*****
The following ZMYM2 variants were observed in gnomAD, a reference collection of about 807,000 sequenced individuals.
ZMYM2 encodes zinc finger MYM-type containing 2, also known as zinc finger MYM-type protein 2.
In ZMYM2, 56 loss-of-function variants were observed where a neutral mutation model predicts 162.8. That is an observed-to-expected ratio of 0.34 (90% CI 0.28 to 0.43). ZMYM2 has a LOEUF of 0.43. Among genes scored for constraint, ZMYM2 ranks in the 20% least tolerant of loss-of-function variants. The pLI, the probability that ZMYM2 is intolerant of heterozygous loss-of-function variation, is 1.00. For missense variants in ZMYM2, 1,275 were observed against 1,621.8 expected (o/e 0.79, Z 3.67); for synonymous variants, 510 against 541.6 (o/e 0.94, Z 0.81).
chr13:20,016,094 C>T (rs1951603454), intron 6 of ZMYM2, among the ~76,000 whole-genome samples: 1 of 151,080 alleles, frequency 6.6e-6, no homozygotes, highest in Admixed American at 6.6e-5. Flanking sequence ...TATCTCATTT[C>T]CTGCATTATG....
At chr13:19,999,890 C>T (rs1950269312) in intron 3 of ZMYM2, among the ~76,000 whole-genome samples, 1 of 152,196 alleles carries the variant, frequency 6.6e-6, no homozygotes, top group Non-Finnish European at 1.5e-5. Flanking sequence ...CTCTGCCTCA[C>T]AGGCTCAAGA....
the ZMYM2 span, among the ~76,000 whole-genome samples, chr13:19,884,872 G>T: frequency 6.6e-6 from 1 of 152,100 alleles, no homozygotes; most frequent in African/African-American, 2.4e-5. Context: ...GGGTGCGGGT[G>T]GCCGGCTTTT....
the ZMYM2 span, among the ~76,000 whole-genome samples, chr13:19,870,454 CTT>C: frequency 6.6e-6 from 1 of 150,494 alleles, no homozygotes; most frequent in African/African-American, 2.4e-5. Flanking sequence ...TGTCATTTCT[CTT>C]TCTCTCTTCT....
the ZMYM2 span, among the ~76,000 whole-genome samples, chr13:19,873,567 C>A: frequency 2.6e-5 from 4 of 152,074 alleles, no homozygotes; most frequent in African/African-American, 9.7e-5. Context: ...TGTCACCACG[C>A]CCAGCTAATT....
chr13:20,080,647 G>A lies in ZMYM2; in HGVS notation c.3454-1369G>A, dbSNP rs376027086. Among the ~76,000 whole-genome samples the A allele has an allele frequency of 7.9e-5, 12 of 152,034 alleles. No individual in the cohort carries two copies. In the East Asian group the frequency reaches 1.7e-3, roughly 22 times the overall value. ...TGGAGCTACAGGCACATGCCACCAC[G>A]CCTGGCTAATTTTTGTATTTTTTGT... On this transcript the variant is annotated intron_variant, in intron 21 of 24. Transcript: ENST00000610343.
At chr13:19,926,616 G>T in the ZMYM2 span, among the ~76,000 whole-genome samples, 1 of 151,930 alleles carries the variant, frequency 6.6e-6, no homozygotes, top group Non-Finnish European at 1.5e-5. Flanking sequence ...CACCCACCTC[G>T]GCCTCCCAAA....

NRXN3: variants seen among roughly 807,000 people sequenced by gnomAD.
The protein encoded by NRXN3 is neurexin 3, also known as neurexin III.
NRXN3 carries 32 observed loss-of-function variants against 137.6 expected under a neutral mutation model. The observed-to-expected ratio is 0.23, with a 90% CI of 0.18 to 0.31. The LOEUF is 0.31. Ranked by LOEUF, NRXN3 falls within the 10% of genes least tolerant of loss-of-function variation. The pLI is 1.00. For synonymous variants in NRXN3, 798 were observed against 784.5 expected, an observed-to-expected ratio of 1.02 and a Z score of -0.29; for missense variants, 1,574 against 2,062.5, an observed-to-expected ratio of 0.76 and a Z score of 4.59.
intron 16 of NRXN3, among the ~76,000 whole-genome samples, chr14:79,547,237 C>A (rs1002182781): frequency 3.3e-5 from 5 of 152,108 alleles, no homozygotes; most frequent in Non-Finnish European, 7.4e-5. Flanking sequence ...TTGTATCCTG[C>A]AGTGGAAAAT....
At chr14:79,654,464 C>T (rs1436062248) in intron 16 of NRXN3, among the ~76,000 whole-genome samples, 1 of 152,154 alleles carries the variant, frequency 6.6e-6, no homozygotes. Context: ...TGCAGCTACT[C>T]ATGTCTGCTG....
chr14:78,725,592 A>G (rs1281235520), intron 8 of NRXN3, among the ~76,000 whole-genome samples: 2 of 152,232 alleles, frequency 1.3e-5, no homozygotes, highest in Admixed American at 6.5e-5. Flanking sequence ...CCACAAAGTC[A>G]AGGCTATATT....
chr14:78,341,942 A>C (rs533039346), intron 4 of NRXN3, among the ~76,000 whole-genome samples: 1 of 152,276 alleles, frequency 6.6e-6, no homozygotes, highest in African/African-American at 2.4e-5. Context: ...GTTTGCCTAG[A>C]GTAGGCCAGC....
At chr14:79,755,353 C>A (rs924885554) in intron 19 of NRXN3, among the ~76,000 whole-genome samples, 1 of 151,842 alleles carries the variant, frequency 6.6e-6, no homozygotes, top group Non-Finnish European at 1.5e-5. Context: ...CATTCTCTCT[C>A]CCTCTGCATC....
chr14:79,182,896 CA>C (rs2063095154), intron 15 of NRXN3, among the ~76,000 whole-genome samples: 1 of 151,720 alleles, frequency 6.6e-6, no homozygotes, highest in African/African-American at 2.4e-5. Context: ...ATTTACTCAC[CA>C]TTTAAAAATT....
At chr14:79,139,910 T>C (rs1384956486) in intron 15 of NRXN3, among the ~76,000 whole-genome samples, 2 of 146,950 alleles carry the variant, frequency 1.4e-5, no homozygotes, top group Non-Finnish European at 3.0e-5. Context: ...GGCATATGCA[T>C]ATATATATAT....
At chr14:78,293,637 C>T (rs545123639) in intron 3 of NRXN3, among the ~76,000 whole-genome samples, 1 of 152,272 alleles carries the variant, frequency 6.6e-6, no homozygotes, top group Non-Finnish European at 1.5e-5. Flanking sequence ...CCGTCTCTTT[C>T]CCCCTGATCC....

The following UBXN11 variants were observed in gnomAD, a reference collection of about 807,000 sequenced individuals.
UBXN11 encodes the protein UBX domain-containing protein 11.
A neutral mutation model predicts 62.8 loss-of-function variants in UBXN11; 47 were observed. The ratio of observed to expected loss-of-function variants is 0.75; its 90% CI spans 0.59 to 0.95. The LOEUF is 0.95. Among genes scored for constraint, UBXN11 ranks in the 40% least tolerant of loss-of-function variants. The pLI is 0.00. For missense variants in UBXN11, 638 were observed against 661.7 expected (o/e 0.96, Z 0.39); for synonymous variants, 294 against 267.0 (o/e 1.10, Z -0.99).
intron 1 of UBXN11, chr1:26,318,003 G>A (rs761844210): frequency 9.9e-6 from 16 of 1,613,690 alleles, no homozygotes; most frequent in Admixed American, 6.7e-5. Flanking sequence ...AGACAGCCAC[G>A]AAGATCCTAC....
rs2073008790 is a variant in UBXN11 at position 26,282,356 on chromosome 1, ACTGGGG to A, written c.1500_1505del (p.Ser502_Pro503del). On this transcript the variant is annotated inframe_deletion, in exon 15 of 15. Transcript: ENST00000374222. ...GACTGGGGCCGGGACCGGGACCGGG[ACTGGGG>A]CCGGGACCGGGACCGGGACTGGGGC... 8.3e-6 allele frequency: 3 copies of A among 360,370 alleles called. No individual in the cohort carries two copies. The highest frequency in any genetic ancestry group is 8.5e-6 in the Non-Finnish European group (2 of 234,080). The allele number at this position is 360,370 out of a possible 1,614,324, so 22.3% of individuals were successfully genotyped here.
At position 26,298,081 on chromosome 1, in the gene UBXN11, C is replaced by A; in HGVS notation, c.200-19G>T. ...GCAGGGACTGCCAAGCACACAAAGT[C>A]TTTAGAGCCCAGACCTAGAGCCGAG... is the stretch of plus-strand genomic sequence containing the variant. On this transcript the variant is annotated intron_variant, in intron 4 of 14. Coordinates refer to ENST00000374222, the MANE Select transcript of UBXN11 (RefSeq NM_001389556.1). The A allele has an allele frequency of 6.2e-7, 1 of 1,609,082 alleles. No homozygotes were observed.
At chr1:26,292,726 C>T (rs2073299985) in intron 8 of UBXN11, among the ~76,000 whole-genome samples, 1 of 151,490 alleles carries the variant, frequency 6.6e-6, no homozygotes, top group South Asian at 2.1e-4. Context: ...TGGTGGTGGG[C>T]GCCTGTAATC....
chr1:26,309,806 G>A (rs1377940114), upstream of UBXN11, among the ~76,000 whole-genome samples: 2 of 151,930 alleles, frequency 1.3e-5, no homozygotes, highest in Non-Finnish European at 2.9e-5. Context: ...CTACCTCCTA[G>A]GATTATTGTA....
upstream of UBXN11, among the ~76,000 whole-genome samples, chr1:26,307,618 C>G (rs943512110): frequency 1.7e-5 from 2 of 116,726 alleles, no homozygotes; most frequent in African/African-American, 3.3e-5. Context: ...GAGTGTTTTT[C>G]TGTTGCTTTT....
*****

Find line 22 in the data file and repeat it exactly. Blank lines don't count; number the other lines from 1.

The following UBXN11 variants were observed in gnomAD, a reference collection of about 807,000 sequenced individuals.